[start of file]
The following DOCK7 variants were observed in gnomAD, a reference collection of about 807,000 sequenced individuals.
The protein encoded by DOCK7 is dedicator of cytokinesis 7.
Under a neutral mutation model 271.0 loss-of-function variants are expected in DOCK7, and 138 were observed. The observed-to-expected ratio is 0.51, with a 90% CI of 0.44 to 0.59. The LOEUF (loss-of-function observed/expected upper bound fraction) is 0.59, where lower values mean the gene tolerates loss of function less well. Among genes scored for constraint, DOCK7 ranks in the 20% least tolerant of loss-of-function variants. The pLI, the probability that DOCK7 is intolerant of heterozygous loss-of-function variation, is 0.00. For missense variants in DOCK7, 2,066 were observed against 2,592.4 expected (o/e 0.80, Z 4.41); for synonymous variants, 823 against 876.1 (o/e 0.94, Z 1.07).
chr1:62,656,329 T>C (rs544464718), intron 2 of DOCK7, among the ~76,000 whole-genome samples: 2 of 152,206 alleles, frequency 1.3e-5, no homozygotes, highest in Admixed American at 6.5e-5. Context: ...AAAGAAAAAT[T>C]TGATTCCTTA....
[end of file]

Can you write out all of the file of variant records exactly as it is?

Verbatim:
The following DOCK7 variants were observed in gnomAD, a reference collection of about 807,000 sequenced individuals.
The protein encoded by DOCK7 is dedicator of cytokinesis 7.
Under a neutral mutation model 271.0 loss-of-function variants are expected in DOCK7, and 138 were observed. The observed-to-expected ratio is 0.51, with a 90% CI of 0.44 to 0.59. The LOEUF (loss-of-function observed/expected upper bound fraction) is 0.59, where lower values mean the gene tolerates loss of function less well. Among genes scored for constraint, DOCK7 ranks in the 20% least tolerant of loss-of-function variants. The pLI, the probability that DOCK7 is intolerant of heterozygous loss-of-function variation, is 0.00. For missense variants in DOCK7, 2,066 were observed against 2,592.4 expected (o/e 0.80, Z 4.41); for synonymous variants, 823 against 876.1 (o/e 0.94, Z 1.07).
chr1:62,656,329 T>C (rs544464718), intron 2 of DOCK7, among the ~76,000 whole-genome samples: 2 of 152,206 alleles, frequency 1.3e-5, no homozygotes, highest in Admixed American at 6.5e-5. Context: ...AAAGAAAAAT[T>C]TGATTCCTTA....